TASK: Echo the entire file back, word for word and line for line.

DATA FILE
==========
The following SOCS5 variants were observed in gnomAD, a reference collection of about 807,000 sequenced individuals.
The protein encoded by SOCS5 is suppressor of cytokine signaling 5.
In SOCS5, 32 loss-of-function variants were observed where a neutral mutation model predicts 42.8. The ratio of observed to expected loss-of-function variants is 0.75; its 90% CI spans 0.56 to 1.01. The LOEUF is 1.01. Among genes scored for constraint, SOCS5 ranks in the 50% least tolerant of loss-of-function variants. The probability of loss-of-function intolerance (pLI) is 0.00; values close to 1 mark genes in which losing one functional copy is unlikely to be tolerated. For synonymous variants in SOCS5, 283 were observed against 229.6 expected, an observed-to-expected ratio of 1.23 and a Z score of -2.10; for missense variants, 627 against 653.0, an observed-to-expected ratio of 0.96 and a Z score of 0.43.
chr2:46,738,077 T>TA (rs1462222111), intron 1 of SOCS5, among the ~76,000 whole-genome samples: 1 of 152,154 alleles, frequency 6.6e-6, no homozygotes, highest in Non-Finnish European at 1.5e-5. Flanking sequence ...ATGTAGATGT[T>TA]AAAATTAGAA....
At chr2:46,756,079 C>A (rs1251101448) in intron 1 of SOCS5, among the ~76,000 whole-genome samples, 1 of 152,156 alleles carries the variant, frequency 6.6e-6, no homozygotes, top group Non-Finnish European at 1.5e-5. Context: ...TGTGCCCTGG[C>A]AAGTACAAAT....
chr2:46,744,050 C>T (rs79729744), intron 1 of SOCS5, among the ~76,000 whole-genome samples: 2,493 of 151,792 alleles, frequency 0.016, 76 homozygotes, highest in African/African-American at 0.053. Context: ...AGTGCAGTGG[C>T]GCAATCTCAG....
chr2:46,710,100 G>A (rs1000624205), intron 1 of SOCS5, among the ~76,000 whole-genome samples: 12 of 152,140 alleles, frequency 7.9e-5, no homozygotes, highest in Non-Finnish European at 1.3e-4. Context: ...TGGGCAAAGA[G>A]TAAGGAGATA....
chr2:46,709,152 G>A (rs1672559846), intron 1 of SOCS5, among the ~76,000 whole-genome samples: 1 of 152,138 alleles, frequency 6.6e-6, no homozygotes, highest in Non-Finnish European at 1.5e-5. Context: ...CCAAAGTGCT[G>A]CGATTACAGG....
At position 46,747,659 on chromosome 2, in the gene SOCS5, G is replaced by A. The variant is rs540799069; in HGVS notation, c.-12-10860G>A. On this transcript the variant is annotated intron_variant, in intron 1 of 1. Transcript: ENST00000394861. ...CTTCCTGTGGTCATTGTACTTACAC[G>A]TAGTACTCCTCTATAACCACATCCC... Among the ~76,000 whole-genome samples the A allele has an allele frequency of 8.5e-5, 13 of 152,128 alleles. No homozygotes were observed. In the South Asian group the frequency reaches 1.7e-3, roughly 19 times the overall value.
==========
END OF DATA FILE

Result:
The following SOCS5 variants were observed in gnomAD, a reference collection of about 807,000 sequenced individuals.
The protein encoded by SOCS5 is suppressor of cytokine signaling 5.
In SOCS5, 32 loss-of-function variants were observed where a neutral mutation model predicts 42.8. The ratio of observed to expected loss-of-function variants is 0.75; its 90% CI spans 0.56 to 1.01. The LOEUF is 1.01. Among genes scored for constraint, SOCS5 ranks in the 50% least tolerant of loss-of-function variants. The probability of loss-of-function intolerance (pLI) is 0.00; values close to 1 mark genes in which losing one functional copy is unlikely to be tolerated. For synonymous variants in SOCS5, 283 were observed against 229.6 expected, an observed-to-expected ratio of 1.23 and a Z score of -2.10; for missense variants, 627 against 653.0, an observed-to-expected ratio of 0.96 and a Z score of 0.43.
chr2:46,738,077 T>TA (rs1462222111), intron 1 of SOCS5, among the ~76,000 whole-genome samples: 1 of 152,154 alleles, frequency 6.6e-6, no homozygotes, highest in Non-Finnish European at 1.5e-5. Flanking sequence ...ATGTAGATGT[T>TA]AAAATTAGAA....
At chr2:46,756,079 C>A (rs1251101448) in intron 1 of SOCS5, among the ~76,000 whole-genome samples, 1 of 152,156 alleles carries the variant, frequency 6.6e-6, no homozygotes, top group Non-Finnish European at 1.5e-5. Context: ...TGTGCCCTGG[C>A]AAGTACAAAT....
chr2:46,744,050 C>T (rs79729744), intron 1 of SOCS5, among the ~76,000 whole-genome samples: 2,493 of 151,792 alleles, frequency 0.016, 76 homozygotes, highest in African/African-American at 0.053. Context: ...AGTGCAGTGG[C>T]GCAATCTCAG....
chr2:46,710,100 G>A (rs1000624205), intron 1 of SOCS5, among the ~76,000 whole-genome samples: 12 of 152,140 alleles, frequency 7.9e-5, no homozygotes, highest in Non-Finnish European at 1.3e-4. Context: ...TGGGCAAAGA[G>A]TAAGGAGATA....
chr2:46,709,152 G>A (rs1672559846), intron 1 of SOCS5, among the ~76,000 whole-genome samples: 1 of 152,138 alleles, frequency 6.6e-6, no homozygotes, highest in Non-Finnish European at 1.5e-5. Context: ...CCAAAGTGCT[G>A]CGATTACAGG....
At position 46,747,659 on chromosome 2, in the gene SOCS5, G is replaced by A. The variant is rs540799069; in HGVS notation, c.-12-10860G>A. On this transcript the variant is annotated intron_variant, in intron 1 of 1. Transcript: ENST00000394861. ...CTTCCTGTGGTCATTGTACTTACAC[G>A]TAGTACTCCTCTATAACCACATCCC... Among the ~76,000 whole-genome samples the A allele has an allele frequency of 8.5e-5, 13 of 152,128 alleles. No homozygotes were observed. In the South Asian group the frequency reaches 1.7e-3, roughly 19 times the overall value.